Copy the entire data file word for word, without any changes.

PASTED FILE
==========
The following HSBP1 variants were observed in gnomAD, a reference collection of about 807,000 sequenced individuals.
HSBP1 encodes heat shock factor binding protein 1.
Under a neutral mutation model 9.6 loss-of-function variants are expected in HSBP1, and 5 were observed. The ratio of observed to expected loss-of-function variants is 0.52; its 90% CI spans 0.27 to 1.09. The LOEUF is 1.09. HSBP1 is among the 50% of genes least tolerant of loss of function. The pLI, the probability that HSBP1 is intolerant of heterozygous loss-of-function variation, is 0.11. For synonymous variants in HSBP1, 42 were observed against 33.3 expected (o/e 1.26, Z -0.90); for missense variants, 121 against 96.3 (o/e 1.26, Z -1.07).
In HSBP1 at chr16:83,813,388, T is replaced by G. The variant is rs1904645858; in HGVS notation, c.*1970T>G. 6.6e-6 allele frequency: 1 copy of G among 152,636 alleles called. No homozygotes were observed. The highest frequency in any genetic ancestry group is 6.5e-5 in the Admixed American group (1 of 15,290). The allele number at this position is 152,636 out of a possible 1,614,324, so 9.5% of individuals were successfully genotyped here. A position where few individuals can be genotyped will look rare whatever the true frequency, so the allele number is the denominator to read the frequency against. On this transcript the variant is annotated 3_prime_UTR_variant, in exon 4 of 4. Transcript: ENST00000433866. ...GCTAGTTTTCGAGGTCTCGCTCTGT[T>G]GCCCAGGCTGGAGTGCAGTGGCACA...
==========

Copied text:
The following HSBP1 variants were observed in gnomAD, a reference collection of about 807,000 sequenced individuals.
HSBP1 encodes heat shock factor binding protein 1.
Under a neutral mutation model 9.6 loss-of-function variants are expected in HSBP1, and 5 were observed. The ratio of observed to expected loss-of-function variants is 0.52; its 90% CI spans 0.27 to 1.09. The LOEUF is 1.09. HSBP1 is among the 50% of genes least tolerant of loss of function. The pLI, the probability that HSBP1 is intolerant of heterozygous loss-of-function variation, is 0.11. For synonymous variants in HSBP1, 42 were observed against 33.3 expected (o/e 1.26, Z -0.90); for missense variants, 121 against 96.3 (o/e 1.26, Z -1.07).
In HSBP1 at chr16:83,813,388, T is replaced by G. The variant is rs1904645858; in HGVS notation, c.*1970T>G. 6.6e-6 allele frequency: 1 copy of G among 152,636 alleles called. No homozygotes were observed. The highest frequency in any genetic ancestry group is 6.5e-5 in the Admixed American group (1 of 15,290). The allele number at this position is 152,636 out of a possible 1,614,324, so 9.5% of individuals were successfully genotyped here. A position where few individuals can be genotyped will look rare whatever the true frequency, so the allele number is the denominator to read the frequency against. On this transcript the variant is annotated 3_prime_UTR_variant, in exon 4 of 4. Transcript: ENST00000433866. ...GCTAGTTTTCGAGGTCTCGCTCTGT[T>G]GCCCAGGCTGGAGTGCAGTGGCACA...